Irreversible bone loss in former amenorrheic athletes
Keen AD., Drinkwater BL.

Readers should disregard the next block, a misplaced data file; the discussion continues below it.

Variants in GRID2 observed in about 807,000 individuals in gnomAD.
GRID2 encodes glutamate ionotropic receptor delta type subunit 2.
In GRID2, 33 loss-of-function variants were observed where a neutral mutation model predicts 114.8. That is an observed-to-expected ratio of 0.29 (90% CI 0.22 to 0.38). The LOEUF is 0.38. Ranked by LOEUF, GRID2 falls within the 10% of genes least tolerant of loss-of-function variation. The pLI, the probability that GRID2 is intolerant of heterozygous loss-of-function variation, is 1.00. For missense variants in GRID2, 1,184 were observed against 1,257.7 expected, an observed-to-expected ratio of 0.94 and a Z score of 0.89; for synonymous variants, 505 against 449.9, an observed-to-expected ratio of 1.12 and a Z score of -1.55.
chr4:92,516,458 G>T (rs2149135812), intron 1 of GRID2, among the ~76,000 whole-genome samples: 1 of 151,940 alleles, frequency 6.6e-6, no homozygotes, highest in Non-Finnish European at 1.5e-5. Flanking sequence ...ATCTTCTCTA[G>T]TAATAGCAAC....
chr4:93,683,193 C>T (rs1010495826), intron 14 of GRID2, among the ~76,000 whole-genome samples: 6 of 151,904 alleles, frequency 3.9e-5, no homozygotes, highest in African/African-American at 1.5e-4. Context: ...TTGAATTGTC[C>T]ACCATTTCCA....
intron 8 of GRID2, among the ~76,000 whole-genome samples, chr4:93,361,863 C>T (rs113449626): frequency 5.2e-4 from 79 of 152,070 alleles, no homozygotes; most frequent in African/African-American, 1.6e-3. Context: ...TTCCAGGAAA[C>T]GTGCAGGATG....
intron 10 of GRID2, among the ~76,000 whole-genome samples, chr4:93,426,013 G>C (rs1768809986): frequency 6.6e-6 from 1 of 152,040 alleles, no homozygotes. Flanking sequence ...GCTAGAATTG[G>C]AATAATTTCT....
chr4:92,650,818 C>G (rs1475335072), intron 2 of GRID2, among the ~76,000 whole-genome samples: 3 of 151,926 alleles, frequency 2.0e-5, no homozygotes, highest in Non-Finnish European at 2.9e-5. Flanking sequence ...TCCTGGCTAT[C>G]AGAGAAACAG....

Abstract Small gains in bone mineral density (BMD) have been reported in the first year following resumption of menses in amenorrheic athletes but there have been no long-term outcome studies. The purpose of this study was to determine whether the BMD of former oligomenorrheic or amenorrheic athletes normalizes following several years of normal menses or use of oral contraceptives. Twenty-nine athletes first studied in this laboratory 8.1 years (range 6-10 years) ago were available for follow-up. At recruitment (time 1) 29 athletes, mean age of 30.6 years, were non-smokers, exercised 4 or more days/week for at least 45 min, had not used oral contraceptives, and had no medical conditions affecting bone metabolism. At time 1, 9 women (R/R) had always menstruated regularly, 9 (R/O/A) had experienced intermittent oligo/amenorrhea as well as regular menses, and 11 (O/A) had never menstruated regularly. At follow-up (time 2) mean age of the women was 38.2 years and there were no significant changes in height, weight or activity patterns. BMD (g/cm2) was measured at the lumbar vertebrae (L1-4 and femoral neck by dual-energy X-ray absorptiometry and expressed as a percentage of R/R values. Vertebral BMD was significantly lower in the O/A group compared with the R/R group at both time 1 and time 2 (p < 0.05). The R/O/A group had intermediate values and did not differ significantly from R/R or O/A at either time. Differences in technique between machines for determining femoral neck BMD made it difficult to detect the longitudinal effect of menstrual status at that site. Despite several years of normal menses or use of oral contraceptives, the mean vertebral BMD of former oligo-amenorrheic athletes remained low, being 84.4% of the R/R value compared to 84.8% at time 1. Those experiencing menstrual regularity with intermittent oligo/amenorrhea remained at an intermediate position of 94.7% of the R/R mean. Our results suggest early intervention is necessary to prevent irreversible vertebral bone loss in oligo/amenorrheic athletes.